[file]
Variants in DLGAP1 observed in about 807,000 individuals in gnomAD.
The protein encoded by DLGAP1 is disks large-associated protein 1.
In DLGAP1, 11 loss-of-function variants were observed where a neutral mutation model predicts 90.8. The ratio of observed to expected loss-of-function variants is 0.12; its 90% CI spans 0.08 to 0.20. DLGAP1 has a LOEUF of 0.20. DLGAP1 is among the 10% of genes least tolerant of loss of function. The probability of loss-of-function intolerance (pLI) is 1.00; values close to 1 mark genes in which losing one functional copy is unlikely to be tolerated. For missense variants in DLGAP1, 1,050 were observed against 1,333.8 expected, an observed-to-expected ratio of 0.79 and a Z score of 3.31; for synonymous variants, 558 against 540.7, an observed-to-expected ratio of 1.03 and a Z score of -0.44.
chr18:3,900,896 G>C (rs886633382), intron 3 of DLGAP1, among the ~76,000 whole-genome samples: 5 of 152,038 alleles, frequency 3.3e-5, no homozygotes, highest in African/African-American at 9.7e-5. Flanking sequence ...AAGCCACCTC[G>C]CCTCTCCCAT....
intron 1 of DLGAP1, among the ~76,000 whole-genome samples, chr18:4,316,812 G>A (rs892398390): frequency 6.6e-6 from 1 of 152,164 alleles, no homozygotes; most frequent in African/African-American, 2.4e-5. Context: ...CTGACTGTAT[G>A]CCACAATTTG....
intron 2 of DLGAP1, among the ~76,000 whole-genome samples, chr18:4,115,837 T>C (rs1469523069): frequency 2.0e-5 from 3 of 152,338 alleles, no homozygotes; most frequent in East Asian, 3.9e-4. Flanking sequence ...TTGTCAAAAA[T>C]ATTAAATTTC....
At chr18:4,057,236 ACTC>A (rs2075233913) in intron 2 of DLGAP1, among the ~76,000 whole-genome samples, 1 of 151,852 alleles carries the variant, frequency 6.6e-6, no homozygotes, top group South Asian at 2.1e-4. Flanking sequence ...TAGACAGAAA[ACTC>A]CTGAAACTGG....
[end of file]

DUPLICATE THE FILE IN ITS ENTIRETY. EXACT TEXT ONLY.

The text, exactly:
Variants in DLGAP1 observed in about 807,000 individuals in gnomAD.
The protein encoded by DLGAP1 is disks large-associated protein 1.
In DLGAP1, 11 loss-of-function variants were observed where a neutral mutation model predicts 90.8. The ratio of observed to expected loss-of-function variants is 0.12; its 90% CI spans 0.08 to 0.20. DLGAP1 has a LOEUF of 0.20. DLGAP1 is among the 10% of genes least tolerant of loss of function. The probability of loss-of-function intolerance (pLI) is 1.00; values close to 1 mark genes in which losing one functional copy is unlikely to be tolerated. For missense variants in DLGAP1, 1,050 were observed against 1,333.8 expected, an observed-to-expected ratio of 0.79 and a Z score of 3.31; for synonymous variants, 558 against 540.7, an observed-to-expected ratio of 1.03 and a Z score of -0.44.
chr18:3,900,896 G>C (rs886633382), intron 3 of DLGAP1, among the ~76,000 whole-genome samples: 5 of 152,038 alleles, frequency 3.3e-5, no homozygotes, highest in African/African-American at 9.7e-5. Flanking sequence ...AAGCCACCTC[G>C]CCTCTCCCAT....
intron 1 of DLGAP1, among the ~76,000 whole-genome samples, chr18:4,316,812 G>A (rs892398390): frequency 6.6e-6 from 1 of 152,164 alleles, no homozygotes; most frequent in African/African-American, 2.4e-5. Context: ...CTGACTGTAT[G>A]CCACAATTTG....
intron 2 of DLGAP1, among the ~76,000 whole-genome samples, chr18:4,115,837 T>C (rs1469523069): frequency 2.0e-5 from 3 of 152,338 alleles, no homozygotes; most frequent in East Asian, 3.9e-4. Flanking sequence ...TTGTCAAAAA[T>C]ATTAAATTTC....
At chr18:4,057,236 ACTC>A (rs2075233913) in intron 2 of DLGAP1, among the ~76,000 whole-genome samples, 1 of 151,852 alleles carries the variant, frequency 6.6e-6, no homozygotes, top group South Asian at 2.1e-4. Flanking sequence ...TAGACAGAAA[ACTC>A]CTGAAACTGG....